- About Us
- News & Events
- Faculty & Research
- Degrees & Programs
- Supporting SAS
Grad student Sarah Dowling's poetry scrutinizes constructs of safety.
The term "security posture" is used primarily in the world of corporate technology to define the level of risk to which a system or organization is exposed. In a world seriously rethinking the soundness of its corporate institutions, it's an especially apt title for English doctoral student Sarah Dowling's recently published book of poetry. Security Posture, which won the 2009 Robert Kroetsch Award for Innovative Poetry, examines the imagined safety of the tropes around which we organize our lives.
In the collection, Dowling scrutinizes the societal and cultural logic that assumes the safety, security and goodness of romantic or intimate couplehood. Dowling explains, "Everything in culture says, 'this is a way of living that's going to make it right for you.' I think the poems in this book show, on the one hand a longing for that, and on the other an ambivalence and skepticism toward it."
Dowling employs formal techniques of disruption to reinforce her investigation into these assumptions of security. One way she does this is by quoting language drawn from a wide variety of sources in her poems. Just as she drew the title from corporate websites, she also draws from newspapers, advertisements and even banking language to knit together different voices.
"Everything in culture says, 'this is a way of living that's going to make it right for you.' I think the poems in this book show, on the one hand a longing for that, and on the other an ambivalence and skepticism toward it." – Sarah Dowling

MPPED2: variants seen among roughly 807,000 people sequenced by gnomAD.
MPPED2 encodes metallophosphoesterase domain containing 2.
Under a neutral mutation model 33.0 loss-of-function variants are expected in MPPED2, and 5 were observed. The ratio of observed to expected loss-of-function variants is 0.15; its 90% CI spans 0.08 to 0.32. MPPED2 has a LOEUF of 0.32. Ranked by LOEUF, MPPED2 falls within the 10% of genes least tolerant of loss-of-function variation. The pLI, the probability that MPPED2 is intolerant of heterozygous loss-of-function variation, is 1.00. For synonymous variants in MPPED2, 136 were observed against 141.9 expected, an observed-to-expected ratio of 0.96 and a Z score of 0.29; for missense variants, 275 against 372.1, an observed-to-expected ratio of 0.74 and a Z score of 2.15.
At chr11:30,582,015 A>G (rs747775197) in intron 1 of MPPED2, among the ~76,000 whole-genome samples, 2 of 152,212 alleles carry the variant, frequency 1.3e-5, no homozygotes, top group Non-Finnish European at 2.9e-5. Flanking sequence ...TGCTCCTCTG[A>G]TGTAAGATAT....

"I tried to collide technical-sounding language with more personal language," Dowling says, "to get at the idea of things that seem safe not being a source of safety in the way we might want or hope them to be."
Another technique Dowling employs is to repeatedly reorder the same set of words across a section of the book to create an unmoored sense of meaning and voice. "What makes grammatical sense changes from one reordering to the next," Dowling says. "And it also gets at the ways in which writing seems to record a voice, but in fact what is recorded often becomes apparent only through different kinds of conventions—like grammatical conventions. It's interesting to see what can happen to almost accidentally make a voice appear."
The courses Dowling took when she began her Ph.D. program at Penn have had a formative influence on her poetry. "My feminist theory classes, my queer theory classes and my classes on modernism," she says, "brought up a lot of different ideas about what constitutes a person; what constitutes a good life; how these ideas are formed and shaped in a broad sense; who are the kinds of people who have contested these ideas; and what are the perspectives from which they've done so."
Dowling is now working on a book of poetry, titled Hinterland B, which explores the urban hinterland as a metaphor for entities and ideas that exist on the peripheries of cultural norms. A 2009-2010 Graduate Humanities Forum Research Fellow, she is also conducting dissertation research on multilingualism in contemporary Anglophone poetry, focusing on poets such as Marlene Nourbese Phillip, Cecilia Vicuña and James Thomas Stevens. She examines these poets' use of other languages within their poems as a "rhetoric of noncomprehension," which challenges readers to contemplate the gaps in their own understanding of a subject yet continue to engage with it nevertheless.
"It's an interesting way of creating a text because each reader's access to it will be very different," Dowling says. "But I don't think it's intended to exclude some people more than others. It calls attention to the fact that, of course, we don't understand everything, and, depending on the subjects of some of these poems—like experiences of immigration, concepts of citizenship, the history of colonization—it can be incredibly important to think about that. I interpret these poets' use of multilingualism as a way of making that inability to understand a core experience. In their works, you can't skip over not being able to understand something, and it's not something you can use as an excuse to stop reading."
School of Arts & Sciences Office of Advancement
If you would like to contact someone about this or any other issue of Frontiers, please email: